[Final, summary post.] I thought I should post some notes about the responses to Andrea’s recent postings. Several people seem to have extrapolated beyond what Andrea said.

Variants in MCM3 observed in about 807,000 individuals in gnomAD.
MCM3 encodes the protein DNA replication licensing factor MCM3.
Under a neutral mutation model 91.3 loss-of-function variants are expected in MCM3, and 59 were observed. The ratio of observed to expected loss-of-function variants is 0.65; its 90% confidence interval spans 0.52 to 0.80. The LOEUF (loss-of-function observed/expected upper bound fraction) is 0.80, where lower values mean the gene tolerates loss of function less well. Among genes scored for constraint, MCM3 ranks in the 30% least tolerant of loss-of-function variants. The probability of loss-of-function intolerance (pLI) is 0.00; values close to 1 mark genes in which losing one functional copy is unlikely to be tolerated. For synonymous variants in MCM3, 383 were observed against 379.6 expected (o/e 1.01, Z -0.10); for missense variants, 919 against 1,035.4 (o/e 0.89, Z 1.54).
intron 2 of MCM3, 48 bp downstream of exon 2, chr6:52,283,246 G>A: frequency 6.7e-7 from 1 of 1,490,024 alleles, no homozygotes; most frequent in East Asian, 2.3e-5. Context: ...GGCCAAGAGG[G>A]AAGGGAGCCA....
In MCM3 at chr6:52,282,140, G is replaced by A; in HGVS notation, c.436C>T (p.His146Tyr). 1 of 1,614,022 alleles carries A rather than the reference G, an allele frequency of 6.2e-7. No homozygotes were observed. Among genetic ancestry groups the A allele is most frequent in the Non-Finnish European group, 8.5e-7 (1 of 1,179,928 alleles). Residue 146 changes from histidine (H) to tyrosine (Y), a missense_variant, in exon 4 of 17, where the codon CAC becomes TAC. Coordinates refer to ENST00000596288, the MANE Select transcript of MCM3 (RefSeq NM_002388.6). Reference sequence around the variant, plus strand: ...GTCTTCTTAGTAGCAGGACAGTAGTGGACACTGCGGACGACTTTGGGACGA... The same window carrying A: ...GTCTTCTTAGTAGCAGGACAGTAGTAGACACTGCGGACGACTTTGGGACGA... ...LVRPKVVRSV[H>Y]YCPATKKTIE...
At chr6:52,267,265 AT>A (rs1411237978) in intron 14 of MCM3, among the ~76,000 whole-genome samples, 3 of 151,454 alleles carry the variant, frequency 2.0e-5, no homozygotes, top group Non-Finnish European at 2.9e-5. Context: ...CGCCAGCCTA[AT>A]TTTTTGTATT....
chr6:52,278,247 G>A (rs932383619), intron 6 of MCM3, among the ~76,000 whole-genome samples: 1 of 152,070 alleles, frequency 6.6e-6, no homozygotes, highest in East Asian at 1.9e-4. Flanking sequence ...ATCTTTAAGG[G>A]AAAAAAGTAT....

After a few months of the Cardini, O’Higgins, Rohlf, and Bookstein collaboration (Polly was CC:ed on the very early emails but I do not remember him engaging), I suggested to Andrea that there should be two publications not one. I could see that while writing about the same flaws in the same method the approaches Fred and I were taking would be difficult to combine in the same paper. Andrea and Paul agreed and Andrea then suggested to Fred that he write a paper separate from ours. Thus, Fred did not unilaterally jump ahead and just write his own paper as some seem to have assumed. The understanding was that we expected the two papers to be published together as “companion papers” in some journal yet to be determined. I know that Fred was concerned about the ethics of waiting a long time to warn people that they were using a severely flawed (I would say strongly biased) method. The usage of BG-PCA seems to have increased lately and it did not seem fair to let people continue to write papers and dissertations based on this method once we knew how bad it was. His biorxiv upload and his announcement of it on morphmet were not a surprise to us. There were emails exchanged about the need to warn users. At the time, Fred told me that he needed to go ahead with the biorxiv upload as it was unclear how long it would take our ms. to be completed due to other demands on our time. Reading Fred’s papers can take time but if one just looks at his Fig. 1 (Google "biorxiv 627448" if you lost the link that Fred posted) you will see the magnitude of the problem. It is not subtle! Incidentally, the Cardini et al. draft also has a more extensive Figure illustrating the same problem as a function of n but the rest of the paper is very different. In fact, I found it interesting how two papers about the same defect in the same method and reaching the same conclusion could have so little overlap. Thus, Fred’s paper does not infringe on the content of the Cardini et al. manuscript or interfere with its publication – in fact I think it makes it more important as it will show the problem does not require an understanding of an abstract theorem. I believe the Cardini et al. paper will show that the defects in the method are very easy to understand and obvious once you think about it in the right way. ____________________________________________ F. James Rohlf, Distinguished Professor, Emeritus. Ecology & Evolution Research Professor, Anthropology Stony Brook University -- MORPHMET may be accessed via its webpage at http://www.morphometrics.org --- You received this message because you are subscribed to the Google Groups "MORPHMET" group. To unsubscribe from this group and stop receiving emails from it, send an email to morphmet+unsubscr...@morphometrics.org.